Again, I find the web interface more helpful than the CLI, because it lets me see detailed information on the versions/tags of each image available.

I like that Docker Hub shows the images that are “official” and created by the original project team. That’s super handy. If security is a major concern, you probably shouldn’t go with any image that isn’t “official”.

docker pull

If you found an image on Docker Hub that you want, you just need to “pull” it:

$ docker pull mongo

If you want to pull a particular version of that image (which I would recommend), you can specify it with a colon:

$ docker pull mongo:4.1-bionic

docker images

Okay, at any point you may want to check and see what images you have downloaded onto your system. Maybe just to check if your last pull is done, or maybe to remind yourself of what you did last week.

$ docker images
hellokube    v1           e65265fb1572   24 hours ago   109MB
nginx        latest       719cd2e3ed04   5 days ago     109MB
mongo        4.1-bionic   70ce1153b5d7   2 weeks ago    365MB

Here you can see I have three images downloaded onto my laptop.

Images vs Containers

In Docker speak, you can see above that I have one “image” of MongoDB. That is, I have one copy of everything I need to run a fresh, empty MongoDB on my local system. But I might want three Mongo databases running on my system (on three different ports), because I am currently working on three different projects. I could docker run this image three times and mount three different databases on three different ports. In Docker speak, I would have three “containers” of the same “image”.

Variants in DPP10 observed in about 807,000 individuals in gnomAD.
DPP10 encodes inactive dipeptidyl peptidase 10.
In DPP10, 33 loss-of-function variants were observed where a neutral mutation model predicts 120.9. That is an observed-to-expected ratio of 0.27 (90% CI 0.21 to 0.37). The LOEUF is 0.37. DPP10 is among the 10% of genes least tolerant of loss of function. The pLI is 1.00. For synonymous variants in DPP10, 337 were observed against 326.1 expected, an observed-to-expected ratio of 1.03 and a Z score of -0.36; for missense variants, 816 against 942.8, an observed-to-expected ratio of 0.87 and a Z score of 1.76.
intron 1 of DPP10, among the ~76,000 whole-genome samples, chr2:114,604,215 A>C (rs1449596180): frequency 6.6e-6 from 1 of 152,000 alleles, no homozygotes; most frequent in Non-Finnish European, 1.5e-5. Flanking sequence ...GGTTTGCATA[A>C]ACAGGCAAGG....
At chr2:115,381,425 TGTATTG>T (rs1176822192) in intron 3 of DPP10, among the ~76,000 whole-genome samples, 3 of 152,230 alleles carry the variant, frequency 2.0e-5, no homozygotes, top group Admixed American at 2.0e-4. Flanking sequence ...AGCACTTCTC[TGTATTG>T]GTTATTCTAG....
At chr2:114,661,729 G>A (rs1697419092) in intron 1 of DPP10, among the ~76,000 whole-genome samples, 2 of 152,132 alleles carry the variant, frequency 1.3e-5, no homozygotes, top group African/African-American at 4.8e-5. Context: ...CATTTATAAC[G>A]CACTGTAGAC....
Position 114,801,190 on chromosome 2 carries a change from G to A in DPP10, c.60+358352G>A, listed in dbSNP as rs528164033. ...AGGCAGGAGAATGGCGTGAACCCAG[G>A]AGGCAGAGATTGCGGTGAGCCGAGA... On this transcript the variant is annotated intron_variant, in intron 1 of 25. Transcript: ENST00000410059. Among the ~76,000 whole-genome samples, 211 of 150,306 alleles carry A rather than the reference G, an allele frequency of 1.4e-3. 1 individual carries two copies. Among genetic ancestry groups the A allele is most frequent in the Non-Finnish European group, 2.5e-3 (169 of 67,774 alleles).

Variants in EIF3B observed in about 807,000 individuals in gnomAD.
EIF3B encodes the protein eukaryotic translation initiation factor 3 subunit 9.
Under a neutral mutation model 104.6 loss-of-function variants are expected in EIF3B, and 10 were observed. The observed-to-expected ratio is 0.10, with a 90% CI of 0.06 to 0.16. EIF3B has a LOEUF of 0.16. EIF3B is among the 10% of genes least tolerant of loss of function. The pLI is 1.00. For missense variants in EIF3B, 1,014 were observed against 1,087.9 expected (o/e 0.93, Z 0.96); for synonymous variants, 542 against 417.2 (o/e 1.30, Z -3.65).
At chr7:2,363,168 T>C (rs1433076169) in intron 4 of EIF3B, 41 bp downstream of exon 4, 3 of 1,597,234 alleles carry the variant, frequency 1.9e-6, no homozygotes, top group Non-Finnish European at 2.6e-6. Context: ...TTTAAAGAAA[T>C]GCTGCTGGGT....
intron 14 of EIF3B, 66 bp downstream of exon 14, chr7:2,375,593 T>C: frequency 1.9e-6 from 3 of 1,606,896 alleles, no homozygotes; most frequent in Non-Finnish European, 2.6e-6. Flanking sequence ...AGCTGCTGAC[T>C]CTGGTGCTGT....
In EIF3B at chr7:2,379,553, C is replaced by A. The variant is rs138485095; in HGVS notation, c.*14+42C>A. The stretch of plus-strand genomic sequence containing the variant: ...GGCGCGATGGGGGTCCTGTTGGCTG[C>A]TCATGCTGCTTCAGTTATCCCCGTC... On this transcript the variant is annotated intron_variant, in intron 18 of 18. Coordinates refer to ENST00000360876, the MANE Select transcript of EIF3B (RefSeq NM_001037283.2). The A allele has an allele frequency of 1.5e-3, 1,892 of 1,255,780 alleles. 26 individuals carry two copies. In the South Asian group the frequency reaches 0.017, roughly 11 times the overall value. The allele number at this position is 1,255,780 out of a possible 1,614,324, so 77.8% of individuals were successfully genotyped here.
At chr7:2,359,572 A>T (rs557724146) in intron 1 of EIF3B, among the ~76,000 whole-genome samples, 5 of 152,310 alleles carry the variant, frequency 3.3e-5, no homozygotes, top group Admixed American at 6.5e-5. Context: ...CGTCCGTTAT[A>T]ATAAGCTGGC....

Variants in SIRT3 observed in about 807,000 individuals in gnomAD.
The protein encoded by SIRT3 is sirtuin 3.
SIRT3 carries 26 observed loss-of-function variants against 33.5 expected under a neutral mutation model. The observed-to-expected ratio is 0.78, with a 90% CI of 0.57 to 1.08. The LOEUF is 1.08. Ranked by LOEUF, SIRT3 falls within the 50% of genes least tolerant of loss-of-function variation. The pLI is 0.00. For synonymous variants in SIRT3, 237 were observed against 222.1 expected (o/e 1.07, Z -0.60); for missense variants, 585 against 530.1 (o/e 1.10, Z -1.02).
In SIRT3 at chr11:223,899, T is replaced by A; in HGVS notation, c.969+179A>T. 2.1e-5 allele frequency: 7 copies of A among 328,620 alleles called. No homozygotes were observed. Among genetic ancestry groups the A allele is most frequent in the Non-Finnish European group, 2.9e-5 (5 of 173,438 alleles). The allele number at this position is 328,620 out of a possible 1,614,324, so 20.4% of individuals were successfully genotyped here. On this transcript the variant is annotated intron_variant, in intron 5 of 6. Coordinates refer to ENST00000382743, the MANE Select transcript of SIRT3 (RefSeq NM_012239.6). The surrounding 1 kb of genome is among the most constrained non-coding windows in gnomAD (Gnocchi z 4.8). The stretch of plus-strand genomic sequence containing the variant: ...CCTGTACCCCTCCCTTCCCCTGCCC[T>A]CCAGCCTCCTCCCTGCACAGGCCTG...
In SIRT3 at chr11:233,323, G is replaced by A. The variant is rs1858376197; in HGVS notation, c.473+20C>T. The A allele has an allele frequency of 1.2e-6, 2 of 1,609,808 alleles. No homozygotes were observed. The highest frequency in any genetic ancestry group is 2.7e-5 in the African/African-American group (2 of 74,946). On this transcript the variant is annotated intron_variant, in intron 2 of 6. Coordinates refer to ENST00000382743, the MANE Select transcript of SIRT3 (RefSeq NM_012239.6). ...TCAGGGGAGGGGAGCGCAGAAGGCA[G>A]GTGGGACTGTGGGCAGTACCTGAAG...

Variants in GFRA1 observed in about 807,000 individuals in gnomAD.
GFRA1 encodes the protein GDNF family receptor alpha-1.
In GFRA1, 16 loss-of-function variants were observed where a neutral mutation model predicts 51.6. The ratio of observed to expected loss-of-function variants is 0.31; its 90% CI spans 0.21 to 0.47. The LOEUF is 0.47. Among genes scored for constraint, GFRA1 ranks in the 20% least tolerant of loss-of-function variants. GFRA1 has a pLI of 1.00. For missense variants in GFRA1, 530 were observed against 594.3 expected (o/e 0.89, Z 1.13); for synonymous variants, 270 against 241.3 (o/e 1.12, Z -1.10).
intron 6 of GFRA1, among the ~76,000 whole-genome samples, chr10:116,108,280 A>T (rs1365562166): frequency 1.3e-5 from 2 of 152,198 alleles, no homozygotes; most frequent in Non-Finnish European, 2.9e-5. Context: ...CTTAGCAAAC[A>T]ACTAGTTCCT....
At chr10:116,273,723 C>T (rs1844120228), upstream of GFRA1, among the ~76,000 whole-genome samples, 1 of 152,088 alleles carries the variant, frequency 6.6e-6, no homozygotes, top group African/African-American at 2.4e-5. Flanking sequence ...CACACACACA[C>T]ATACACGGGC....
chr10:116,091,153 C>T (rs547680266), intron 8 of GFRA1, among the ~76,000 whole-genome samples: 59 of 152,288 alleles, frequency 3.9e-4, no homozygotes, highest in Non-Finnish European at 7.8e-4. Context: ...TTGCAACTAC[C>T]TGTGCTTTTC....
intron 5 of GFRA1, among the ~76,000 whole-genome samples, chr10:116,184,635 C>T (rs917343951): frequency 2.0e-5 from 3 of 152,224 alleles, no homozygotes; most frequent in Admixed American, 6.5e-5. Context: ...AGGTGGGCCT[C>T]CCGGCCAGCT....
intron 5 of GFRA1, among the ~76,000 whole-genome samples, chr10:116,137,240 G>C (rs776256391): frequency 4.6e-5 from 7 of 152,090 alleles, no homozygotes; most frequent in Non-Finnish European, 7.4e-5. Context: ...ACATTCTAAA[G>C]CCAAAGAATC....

docker run

Okay, so you have an image of MongoDB, but that doesn’t mean the database is running on your system. For that you will need to “run” it using the “IMAGE ID” you got from doing docker images above:

$ docker run 70ce1153b5d7

Now Docker is running on your system.

Another useful option is to run the image in interactive mode. For instance, maybe I have a Debian Linux image that I use to test if something I am doing is compatible across Linux distros. Maybe all I want to do is pop into a Debian machine and run some BASH commands. I could open the image into an interactive terminal mode using -i and -t:

$ docker run -i -t debian ./bin/bash

docker ps

Okay, let’s say you did the run command above on our MongoDB image. Then you ran a bunch of really questionable code and you think your MongoDB might have crashed. You’ll want to check what Docker containers are running on your machine:

$ sudo docker ps
e752efa4fa62  70ce1153b5d7  "docker-entryp.."   13 minutes ago   Up 13 minutes

docker stop

Okay, very soon after you get your first Docker imaging running in a container, you will want to know how to stop it. Easy. You just need to grab the “CONTAINER ID” from above:

$ docker stop e752efa4fa62

docker ps -a

All the stuff you just saw above can lead to a more complicated situation in your environment; you can have numerous containers and each one may or may not be running. If you did a docker ps, it won’t show stopped containers. To show those, you need to use the -a flag:

$ docker ps
$ docker ps -a
e752efa4fa62  70ce1153b5d7  "docker-entryp…"  5 minues ago  Exited

docker start

Whoops, you didn’t mean to stop that Docker container. You want to start it back up again:

$ docker start e752efa4fa62